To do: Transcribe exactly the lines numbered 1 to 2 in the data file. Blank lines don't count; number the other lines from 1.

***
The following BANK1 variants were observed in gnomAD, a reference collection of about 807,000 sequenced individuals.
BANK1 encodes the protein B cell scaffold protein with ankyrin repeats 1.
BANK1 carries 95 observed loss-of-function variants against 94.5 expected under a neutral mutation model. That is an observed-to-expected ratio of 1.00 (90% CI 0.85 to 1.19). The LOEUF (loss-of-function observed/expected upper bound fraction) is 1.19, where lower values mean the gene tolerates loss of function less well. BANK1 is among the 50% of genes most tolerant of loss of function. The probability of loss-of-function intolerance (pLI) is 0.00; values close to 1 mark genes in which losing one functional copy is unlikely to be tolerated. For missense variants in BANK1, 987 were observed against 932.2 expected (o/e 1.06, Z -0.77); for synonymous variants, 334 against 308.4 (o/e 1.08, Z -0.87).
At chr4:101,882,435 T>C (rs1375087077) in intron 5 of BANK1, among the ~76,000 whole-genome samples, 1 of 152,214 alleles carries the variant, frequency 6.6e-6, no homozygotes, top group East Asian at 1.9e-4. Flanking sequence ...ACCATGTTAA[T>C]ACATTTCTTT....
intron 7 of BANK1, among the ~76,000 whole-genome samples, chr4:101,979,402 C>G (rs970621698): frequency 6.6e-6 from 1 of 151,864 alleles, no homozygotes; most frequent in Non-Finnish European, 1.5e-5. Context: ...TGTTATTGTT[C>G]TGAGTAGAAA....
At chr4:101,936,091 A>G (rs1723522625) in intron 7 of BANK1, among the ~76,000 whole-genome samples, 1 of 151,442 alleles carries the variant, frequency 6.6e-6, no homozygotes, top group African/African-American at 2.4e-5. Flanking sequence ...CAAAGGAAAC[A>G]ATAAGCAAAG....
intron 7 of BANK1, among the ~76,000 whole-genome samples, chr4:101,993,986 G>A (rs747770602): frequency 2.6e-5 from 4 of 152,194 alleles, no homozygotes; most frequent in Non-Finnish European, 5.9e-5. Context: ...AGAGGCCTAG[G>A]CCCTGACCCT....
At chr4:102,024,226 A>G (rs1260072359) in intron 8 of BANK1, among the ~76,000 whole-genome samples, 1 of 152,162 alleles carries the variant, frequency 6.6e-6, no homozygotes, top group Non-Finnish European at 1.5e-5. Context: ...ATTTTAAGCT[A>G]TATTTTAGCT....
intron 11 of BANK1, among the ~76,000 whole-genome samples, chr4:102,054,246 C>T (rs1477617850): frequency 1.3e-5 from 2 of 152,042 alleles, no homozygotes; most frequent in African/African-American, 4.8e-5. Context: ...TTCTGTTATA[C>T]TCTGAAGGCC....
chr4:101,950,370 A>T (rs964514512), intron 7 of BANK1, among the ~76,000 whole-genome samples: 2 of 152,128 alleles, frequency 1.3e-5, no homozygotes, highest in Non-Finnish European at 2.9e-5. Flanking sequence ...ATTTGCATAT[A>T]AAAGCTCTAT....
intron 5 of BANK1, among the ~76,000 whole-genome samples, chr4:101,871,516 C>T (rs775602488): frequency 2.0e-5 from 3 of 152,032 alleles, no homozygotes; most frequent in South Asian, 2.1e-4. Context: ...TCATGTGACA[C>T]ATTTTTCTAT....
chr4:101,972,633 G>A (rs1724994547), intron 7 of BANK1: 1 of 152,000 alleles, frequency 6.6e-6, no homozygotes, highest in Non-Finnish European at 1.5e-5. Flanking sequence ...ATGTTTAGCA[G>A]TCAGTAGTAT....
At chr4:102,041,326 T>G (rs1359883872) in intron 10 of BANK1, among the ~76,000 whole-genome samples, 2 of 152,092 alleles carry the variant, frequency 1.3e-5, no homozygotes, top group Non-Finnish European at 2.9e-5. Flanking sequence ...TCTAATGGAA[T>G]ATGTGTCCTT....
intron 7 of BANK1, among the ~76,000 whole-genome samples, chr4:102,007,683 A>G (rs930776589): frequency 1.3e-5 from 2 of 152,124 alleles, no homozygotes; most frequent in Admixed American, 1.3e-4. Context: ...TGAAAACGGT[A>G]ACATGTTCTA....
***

The following BANK1 variants were observed in gnomAD, a reference collection of about 807,000 sequenced individuals.
BANK1 encodes the protein B cell scaffold protein with ankyrin repeats 1.